fingerhole


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fingerhole

(ˈfɪŋɡəˌhəʊl)
n
a hole through which a finger can be inserted
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The 13 chapters (plus bibliography and indices for instruments, makers, people and places, and general information) cover the following topics: Seaweed, Bark, Cane, and Gourd; Side-blown Horns; Shell Trumpets; Shorter End-blown Trumpets and Horns; Longer End-blown Trumpets; "Orchestral" Trumpets and Slide Trombones; "Orchestral" Natural Horns; Valved Horns, Trumpets, and Trombones; Bugles and Cornets [including flugelhorns, alto, tenor and baritone horns, euphoniums, tubas, saxhorns, etc.]; Fingerhole Horns [cornettos to ophicleides]; Accessories [mouthpieces, mutes, lyres, shanks, lubricants, cleaners, tools]; The Technology of Brass Instruments [the process of making instruments, including materials and shaping processes]; Playing [producing sounds, factors in tone, acoustics].
These latter are a curved horn with integral mouthpiece, three fingerholes and a thumbhole, captioned (and literally) krum horn, the rustic prototype of the curved, leather-covered wooden cornetts; a vessel block flute with the same fingerhole dispositions, made from chamois horn; and a very small block flute of bone with four fingerholes, captioned russpfeif.
This event was staged by Bob Barclay to draw attention to the fact that trumpets usually employed in professional recordings and performances are, in form and sound, quite unlike those in museums, yet this modern invention (the 'fingerhole' trumpet) is passed off as historical.
The audience also got a glimpse of some 'trumpeter's secrets', as they were treated to a rare comparison of the flute-like sound and inherently idiosyncratic tuning of a historical, natural trumpet played with the lips alone, juxtaposed with the fatter tone of the modern 'Baroque' trumpet, which has four fingerholes drilled in the tubing to correct the tuning.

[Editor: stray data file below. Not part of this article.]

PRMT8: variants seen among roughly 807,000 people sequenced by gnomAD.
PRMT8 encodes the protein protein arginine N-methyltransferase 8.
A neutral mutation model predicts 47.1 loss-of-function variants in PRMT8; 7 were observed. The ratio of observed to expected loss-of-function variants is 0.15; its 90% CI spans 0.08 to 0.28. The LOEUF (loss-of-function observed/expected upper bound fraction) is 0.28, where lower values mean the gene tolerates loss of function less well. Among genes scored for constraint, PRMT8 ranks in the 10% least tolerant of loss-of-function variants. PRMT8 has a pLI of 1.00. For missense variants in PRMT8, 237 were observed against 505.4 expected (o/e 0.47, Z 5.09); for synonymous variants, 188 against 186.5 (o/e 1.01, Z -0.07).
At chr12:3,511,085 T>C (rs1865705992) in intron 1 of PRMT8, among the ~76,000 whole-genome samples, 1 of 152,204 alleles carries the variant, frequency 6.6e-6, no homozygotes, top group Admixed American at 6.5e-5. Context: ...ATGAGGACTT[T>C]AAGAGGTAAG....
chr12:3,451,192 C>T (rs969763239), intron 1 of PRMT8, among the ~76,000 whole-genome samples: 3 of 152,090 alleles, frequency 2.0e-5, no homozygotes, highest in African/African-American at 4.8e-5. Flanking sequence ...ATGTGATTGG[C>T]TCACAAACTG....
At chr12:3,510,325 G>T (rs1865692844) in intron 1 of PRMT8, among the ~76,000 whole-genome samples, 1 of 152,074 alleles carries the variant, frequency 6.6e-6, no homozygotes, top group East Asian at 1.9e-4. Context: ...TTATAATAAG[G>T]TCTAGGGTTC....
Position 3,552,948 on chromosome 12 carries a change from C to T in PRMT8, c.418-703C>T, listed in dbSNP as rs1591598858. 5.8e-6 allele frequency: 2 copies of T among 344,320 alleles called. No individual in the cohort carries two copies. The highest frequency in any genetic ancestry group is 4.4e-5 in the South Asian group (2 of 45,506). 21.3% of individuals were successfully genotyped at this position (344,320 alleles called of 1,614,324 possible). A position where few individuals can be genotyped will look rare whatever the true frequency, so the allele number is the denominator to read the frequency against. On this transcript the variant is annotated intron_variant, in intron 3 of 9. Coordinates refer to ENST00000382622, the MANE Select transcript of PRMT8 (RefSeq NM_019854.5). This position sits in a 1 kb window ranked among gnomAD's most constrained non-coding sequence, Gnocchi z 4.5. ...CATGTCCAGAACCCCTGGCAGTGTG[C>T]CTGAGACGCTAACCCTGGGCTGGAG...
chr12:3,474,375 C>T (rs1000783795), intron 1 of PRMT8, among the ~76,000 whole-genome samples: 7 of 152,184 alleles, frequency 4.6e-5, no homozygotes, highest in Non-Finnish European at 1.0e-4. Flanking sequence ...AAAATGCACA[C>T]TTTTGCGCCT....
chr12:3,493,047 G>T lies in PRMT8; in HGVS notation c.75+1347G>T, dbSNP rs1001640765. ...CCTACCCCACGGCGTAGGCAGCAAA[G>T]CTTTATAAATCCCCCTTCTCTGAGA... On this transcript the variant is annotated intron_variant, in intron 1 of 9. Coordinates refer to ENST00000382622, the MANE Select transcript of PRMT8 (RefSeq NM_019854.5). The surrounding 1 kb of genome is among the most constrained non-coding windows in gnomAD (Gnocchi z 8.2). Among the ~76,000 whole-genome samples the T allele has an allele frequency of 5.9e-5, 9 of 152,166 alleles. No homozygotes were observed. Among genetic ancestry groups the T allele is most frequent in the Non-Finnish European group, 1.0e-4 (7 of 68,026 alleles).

With a little ingenuity, Fous found success in the game when he modified his glove, shoving four fingers into the two holes on the left side of the glove, thus leaving the fingerholes near the pocket empty to absorb the pounding of the ball.
The endere flutes, made from lengths of phragmites reed, were end-blown, with notches for embouchures and four fingerholes. There were six different sizes, the longest sounding an octave below the smallest.
He wanted to shove his fingers deep into the bloodred-rimmed fingerholes of his personalized bowling ball and roll a strike of such terrible force that nothing, nothing, was left standing after."
One of them blows what is probably a shawm, with a conical shape and visible fingerholes.
I am not entirely convinced by Izikowitz's classification system, where a wooden block (plug) and six or more fingerholes are interpreted as signs of European influence.
Can the sackbut player be expected to buy and learn a new instrument for music before c.1600, or is the sackbut in A destined to become another feature of historical brass playing, more mythical than factual, like the extreme side-embouchure, or the trumpet without fingerholes? It is may be fairer to draw a comparison with the Flemish transposing double-manual harpsichord: like that most historical but currently unused instrument, the A sackbut cannot justify its re-creation on the basis of a substantially different timbre, but does represent a significantly different outlook on an instrument that we do use.